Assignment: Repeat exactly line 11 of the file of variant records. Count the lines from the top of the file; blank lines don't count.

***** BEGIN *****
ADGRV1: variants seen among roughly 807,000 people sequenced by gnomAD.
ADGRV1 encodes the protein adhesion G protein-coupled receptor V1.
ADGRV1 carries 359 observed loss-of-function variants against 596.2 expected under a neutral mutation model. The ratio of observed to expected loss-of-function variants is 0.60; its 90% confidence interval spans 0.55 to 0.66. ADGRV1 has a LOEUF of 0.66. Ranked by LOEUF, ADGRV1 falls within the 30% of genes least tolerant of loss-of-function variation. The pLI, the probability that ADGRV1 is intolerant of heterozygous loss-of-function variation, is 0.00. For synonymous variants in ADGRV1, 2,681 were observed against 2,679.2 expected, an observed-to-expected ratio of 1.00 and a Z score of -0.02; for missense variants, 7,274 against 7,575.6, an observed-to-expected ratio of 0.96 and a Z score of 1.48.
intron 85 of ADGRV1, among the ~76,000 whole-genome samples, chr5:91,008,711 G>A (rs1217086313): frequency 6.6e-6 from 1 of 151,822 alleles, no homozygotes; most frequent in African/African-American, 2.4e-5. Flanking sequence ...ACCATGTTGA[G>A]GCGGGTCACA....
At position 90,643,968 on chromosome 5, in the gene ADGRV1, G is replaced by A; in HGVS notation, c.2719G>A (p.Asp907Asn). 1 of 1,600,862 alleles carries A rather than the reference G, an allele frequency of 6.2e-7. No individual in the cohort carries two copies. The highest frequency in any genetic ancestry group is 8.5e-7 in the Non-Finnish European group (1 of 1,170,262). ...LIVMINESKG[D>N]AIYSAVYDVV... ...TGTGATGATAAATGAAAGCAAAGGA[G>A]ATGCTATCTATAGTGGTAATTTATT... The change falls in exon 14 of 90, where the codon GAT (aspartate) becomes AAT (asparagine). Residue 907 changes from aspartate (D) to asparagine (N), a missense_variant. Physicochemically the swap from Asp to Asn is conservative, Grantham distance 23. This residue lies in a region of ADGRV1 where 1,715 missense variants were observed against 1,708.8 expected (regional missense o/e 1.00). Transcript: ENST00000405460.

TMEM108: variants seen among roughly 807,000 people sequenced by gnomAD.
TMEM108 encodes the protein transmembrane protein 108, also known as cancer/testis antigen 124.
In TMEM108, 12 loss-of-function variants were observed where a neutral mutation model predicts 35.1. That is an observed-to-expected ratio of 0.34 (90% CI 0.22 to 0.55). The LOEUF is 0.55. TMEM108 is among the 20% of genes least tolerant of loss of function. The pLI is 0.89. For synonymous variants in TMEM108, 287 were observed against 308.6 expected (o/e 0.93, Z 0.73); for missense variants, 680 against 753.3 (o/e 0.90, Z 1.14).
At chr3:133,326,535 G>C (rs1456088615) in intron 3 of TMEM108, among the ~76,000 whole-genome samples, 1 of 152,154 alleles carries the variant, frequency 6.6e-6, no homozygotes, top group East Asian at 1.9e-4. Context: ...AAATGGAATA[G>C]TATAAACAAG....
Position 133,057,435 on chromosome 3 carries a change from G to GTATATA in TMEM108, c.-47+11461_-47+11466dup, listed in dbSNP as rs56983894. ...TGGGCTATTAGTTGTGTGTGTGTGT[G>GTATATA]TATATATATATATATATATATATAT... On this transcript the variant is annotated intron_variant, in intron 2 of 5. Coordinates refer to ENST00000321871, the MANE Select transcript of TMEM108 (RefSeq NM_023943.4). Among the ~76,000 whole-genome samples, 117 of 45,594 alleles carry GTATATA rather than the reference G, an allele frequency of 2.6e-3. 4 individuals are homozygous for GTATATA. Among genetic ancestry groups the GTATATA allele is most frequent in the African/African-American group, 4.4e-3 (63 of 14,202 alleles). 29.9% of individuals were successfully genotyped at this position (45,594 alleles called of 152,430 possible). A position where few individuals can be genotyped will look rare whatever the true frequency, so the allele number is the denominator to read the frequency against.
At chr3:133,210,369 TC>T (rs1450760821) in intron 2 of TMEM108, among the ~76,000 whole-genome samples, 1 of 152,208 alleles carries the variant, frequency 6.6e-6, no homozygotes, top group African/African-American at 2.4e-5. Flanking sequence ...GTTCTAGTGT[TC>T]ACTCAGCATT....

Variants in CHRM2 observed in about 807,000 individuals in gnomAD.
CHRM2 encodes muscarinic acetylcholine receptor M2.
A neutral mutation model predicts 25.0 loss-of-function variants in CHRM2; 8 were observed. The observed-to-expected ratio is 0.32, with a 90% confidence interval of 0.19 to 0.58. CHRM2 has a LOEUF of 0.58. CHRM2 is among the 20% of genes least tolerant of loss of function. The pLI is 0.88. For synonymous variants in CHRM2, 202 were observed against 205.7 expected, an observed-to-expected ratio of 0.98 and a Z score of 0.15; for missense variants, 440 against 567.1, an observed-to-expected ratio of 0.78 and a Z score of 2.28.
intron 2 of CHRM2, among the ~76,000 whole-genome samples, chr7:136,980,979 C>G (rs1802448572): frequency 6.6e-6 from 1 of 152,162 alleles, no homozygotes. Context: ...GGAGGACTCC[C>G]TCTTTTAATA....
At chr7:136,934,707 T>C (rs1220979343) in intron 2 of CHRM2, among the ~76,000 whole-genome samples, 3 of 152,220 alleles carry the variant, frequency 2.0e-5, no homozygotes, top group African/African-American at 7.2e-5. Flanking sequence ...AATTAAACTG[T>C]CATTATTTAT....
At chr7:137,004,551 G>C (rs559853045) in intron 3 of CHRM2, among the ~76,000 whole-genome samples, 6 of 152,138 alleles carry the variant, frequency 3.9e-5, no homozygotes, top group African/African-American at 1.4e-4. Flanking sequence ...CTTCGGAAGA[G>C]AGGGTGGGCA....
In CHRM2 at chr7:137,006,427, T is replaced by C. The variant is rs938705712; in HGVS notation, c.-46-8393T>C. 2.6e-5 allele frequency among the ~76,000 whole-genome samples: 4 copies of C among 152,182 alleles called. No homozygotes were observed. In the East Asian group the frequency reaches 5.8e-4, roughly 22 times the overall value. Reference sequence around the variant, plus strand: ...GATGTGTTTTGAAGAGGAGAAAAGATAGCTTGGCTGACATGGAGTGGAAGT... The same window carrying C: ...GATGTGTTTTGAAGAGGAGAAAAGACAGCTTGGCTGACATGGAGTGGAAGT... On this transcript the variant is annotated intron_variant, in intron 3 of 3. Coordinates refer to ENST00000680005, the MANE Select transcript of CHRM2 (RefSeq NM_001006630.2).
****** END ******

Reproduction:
At chr3:133,210,369 TC>T (rs1450760821) in intron 2 of TMEM108, among the ~76,000 whole-genome samples, 1 of 152,208 alleles carries the variant, frequency 6.6e-6, no homozygotes, top group African/African-American at 2.4e-5. Flanking sequence ...GTTCTAGTGT[TC>T]ACTCAGCATT....